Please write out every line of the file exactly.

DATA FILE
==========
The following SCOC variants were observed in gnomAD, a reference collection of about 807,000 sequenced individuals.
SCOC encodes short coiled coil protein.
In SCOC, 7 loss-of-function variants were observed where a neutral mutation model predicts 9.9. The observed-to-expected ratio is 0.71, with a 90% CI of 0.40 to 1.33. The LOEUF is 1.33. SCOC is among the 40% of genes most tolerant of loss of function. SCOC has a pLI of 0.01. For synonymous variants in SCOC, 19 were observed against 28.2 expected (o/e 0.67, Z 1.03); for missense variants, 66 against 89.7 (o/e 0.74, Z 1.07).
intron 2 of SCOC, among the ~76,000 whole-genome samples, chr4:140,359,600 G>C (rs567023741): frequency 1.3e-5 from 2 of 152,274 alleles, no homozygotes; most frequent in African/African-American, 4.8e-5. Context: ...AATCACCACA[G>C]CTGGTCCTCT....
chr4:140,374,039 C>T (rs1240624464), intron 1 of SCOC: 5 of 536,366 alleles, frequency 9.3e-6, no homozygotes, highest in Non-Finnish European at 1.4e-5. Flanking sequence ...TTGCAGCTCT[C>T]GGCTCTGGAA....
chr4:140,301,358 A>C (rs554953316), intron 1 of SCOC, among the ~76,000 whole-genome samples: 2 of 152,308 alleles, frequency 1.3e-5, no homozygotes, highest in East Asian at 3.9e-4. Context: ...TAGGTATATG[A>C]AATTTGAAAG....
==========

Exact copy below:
The following SCOC variants were observed in gnomAD, a reference collection of about 807,000 sequenced individuals.
SCOC encodes short coiled coil protein.
In SCOC, 7 loss-of-function variants were observed where a neutral mutation model predicts 9.9. The observed-to-expected ratio is 0.71, with a 90% CI of 0.40 to 1.33. The LOEUF is 1.33. SCOC is among the 40% of genes most tolerant of loss of function. SCOC has a pLI of 0.01. For synonymous variants in SCOC, 19 were observed against 28.2 expected (o/e 0.67, Z 1.03); for missense variants, 66 against 89.7 (o/e 0.74, Z 1.07).
intron 2 of SCOC, among the ~76,000 whole-genome samples, chr4:140,359,600 G>C (rs567023741): frequency 1.3e-5 from 2 of 152,274 alleles, no homozygotes; most frequent in African/African-American, 4.8e-5. Context: ...AATCACCACA[G>C]CTGGTCCTCT....
chr4:140,374,039 C>T (rs1240624464), intron 1 of SCOC: 5 of 536,366 alleles, frequency 9.3e-6, no homozygotes, highest in Non-Finnish European at 1.4e-5. Flanking sequence ...TTGCAGCTCT[C>T]GGCTCTGGAA....
chr4:140,301,358 A>C (rs554953316), intron 1 of SCOC, among the ~76,000 whole-genome samples: 2 of 152,308 alleles, frequency 1.3e-5, no homozygotes, highest in East Asian at 3.9e-4. Context: ...TAGGTATATG[A>C]AATTTGAAAG....